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I am an IT Consultant, and have only been one for about 6 months. We get contracted to different clients, where the client pays a daily rate for us. More experienced, senior consultants cost more. My consultant rank is the lowest as I am new.

I was having a one-to-one chat with a client of mine recently; they mentioned, whilst referring to me, that it was great that the company sent a more senior member. Now, this is fine, it was a nice compliment, but it revealed to me that I am actually being contracted as a consultant of a higher rank, i.e: they pay more for me. This is not an assumption: my client actually admitted this.

When the time comes and I feel confident to ask for a promotion (i.e: higher rank and higher salary), can I mention this? Or do I ask for a promotion now since they clearly regard me as someone who is on that level?

It feels uncomfortable bringing this up as I am obviously not supposed to know this kind of information.

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It's not important what they are charging for your services and bringing that up would not likely result in a raise.

What could help however is that the client obviously thinks you are performing at the senior level. So you could bring up that the client said they were happy with your performance and that they felt as if they were getting senior level performance from you.

Of course a written note from the client on how happy they are with your performance will go farther than an anecdote about a conversation you had. I always pass anything positive my client says in writing on to my boss, so when it is raise time (and keep them in a separate email folder), he can see what good things the client sees in my performance. It is nice to be able to point out in your self appraisal that you have gotten X number of pieces of written positive feedback from your client(s).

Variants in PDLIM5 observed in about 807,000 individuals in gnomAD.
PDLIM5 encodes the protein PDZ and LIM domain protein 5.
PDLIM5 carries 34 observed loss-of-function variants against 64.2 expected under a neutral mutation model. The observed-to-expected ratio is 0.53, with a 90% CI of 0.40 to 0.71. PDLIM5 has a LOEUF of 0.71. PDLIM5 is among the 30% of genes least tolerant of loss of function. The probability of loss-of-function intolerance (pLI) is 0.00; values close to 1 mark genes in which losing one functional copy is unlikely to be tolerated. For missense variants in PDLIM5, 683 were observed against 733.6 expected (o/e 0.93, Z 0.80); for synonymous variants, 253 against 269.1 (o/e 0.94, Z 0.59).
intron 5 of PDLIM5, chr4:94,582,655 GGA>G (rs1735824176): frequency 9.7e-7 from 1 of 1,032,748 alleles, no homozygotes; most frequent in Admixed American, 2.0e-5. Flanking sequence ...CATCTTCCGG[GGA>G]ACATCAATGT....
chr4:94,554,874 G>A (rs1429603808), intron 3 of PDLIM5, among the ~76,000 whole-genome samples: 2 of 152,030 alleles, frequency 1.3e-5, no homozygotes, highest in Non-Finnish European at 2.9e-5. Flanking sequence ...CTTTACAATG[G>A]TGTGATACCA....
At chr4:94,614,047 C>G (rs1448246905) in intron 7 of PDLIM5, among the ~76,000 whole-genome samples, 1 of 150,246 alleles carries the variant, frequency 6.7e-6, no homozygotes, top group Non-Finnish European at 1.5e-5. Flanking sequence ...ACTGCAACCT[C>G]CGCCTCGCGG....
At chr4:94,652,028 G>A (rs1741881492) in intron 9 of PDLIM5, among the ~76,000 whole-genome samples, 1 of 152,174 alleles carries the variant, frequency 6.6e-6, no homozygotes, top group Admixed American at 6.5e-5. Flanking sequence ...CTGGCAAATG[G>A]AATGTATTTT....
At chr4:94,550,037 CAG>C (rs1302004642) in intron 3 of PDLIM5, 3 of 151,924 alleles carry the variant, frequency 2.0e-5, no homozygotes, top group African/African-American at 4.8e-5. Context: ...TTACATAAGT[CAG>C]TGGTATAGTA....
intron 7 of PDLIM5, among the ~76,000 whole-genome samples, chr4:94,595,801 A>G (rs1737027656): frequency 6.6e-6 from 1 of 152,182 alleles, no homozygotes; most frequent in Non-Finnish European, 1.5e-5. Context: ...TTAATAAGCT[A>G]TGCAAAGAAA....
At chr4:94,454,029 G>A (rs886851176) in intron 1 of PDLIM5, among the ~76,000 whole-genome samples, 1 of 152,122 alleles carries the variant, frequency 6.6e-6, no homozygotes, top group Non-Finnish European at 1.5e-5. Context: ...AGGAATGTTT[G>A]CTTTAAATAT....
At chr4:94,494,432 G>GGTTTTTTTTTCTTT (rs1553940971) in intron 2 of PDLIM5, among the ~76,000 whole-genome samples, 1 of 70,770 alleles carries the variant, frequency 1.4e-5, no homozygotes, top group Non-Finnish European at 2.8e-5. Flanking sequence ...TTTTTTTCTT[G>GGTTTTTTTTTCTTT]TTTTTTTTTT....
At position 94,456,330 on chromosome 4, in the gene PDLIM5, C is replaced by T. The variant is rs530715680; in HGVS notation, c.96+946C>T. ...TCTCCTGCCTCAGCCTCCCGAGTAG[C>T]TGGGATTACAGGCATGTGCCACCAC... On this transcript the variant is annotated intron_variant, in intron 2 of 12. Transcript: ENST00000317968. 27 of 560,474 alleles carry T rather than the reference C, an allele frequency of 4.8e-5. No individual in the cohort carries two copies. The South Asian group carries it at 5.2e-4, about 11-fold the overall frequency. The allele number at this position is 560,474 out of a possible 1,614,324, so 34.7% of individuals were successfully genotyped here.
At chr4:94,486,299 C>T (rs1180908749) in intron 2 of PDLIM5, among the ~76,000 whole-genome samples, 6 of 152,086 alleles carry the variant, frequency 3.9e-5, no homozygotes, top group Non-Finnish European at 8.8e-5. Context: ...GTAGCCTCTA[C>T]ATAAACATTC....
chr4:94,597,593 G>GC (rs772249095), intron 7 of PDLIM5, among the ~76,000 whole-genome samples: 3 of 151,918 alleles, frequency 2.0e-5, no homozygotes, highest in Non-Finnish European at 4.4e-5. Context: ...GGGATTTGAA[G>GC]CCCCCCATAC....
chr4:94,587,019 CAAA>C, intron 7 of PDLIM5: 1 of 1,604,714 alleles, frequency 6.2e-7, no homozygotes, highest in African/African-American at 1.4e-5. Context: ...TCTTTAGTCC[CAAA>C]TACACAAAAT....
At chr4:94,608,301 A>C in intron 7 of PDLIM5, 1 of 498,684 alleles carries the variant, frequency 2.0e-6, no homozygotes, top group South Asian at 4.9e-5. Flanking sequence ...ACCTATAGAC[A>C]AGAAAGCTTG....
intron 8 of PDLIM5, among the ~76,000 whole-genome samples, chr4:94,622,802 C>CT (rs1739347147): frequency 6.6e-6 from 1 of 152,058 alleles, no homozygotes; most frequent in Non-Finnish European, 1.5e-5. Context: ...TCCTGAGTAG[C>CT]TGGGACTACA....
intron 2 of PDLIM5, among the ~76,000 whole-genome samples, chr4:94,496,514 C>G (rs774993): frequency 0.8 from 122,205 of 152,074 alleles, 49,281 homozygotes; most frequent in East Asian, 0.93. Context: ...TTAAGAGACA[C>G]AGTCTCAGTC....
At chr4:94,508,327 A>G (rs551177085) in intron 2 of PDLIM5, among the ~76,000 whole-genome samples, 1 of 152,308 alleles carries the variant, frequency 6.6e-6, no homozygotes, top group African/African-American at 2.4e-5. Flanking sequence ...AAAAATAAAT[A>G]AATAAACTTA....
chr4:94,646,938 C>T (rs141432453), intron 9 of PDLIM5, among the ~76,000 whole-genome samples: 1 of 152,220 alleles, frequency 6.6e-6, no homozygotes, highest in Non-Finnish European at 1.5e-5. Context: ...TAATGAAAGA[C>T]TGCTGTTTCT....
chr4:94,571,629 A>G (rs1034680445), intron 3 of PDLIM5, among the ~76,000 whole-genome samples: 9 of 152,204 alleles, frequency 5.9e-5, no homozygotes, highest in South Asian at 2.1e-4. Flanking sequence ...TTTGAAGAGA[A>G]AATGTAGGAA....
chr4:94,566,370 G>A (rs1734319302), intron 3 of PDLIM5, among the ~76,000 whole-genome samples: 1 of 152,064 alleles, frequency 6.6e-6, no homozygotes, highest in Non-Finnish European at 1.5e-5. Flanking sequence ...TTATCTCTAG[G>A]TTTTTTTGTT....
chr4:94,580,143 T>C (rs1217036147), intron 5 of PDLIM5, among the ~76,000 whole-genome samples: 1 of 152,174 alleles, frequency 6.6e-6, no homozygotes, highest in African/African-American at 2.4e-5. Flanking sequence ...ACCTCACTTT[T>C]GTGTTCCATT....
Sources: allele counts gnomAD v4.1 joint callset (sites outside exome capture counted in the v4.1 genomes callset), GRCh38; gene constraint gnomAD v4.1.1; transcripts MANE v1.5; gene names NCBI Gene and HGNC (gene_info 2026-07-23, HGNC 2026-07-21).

• That is a really good advice. +1 – T. Sar - Reinstate Monica Sep 16 '16 at 17:23
  • I agree. Duties vs dollars, PERCEIVED value by the client vs actual rate. 100% agree. – Chris E Sep 16 '16 at 17:35
  • I agree with you but I have a question. Ignoring what they charge for me, they are still "advertising" me as a more senior consultant which means they must think I am at that sort of level. Is that still not something to keep in mind and somehow touch on with them? – turnip Sep 16 '16 at 17:53
  • @SomeGuy the fact that they "sell you" as senior while you are not seems like good marketing from your company's behalf. Now your job is to use this good review in your own negotiation. – Mr Me Sep 19 '16 at 13:55
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You can mention it, but it's not going to get you anywhere with your current employer. A lot of this stuff has to do with the company creating, as Christopher Estep pointed out in the comments, a perceived value.

Actually, all the stuff you heard about senior vs junior consultants costing the client more could be totally fabricated. The actual facts, well, could be sort of skimpy. I don't know exactly how much the client told you, and if it was a result of you saying you weren't a senior member. Some firms will play a "game" with both the client and the consultants they send out. A little misinformation goes a long way.

Your best bet at this point, because you are new and have no leverage, is to ignore this little fact until you DO have some leverage. Leverage means you have become a key player in some way and are not easily disposable. Without that, attempting to do a money-grab might be a really foolish choice for you.

  • Yes, I worked in a company where everyone from the highly skilled server guys to unqualified guys doing cabling were 'senior engineers', it's about how much they can charge the customer. – Kilisi Sep 17 '16 at 1:25

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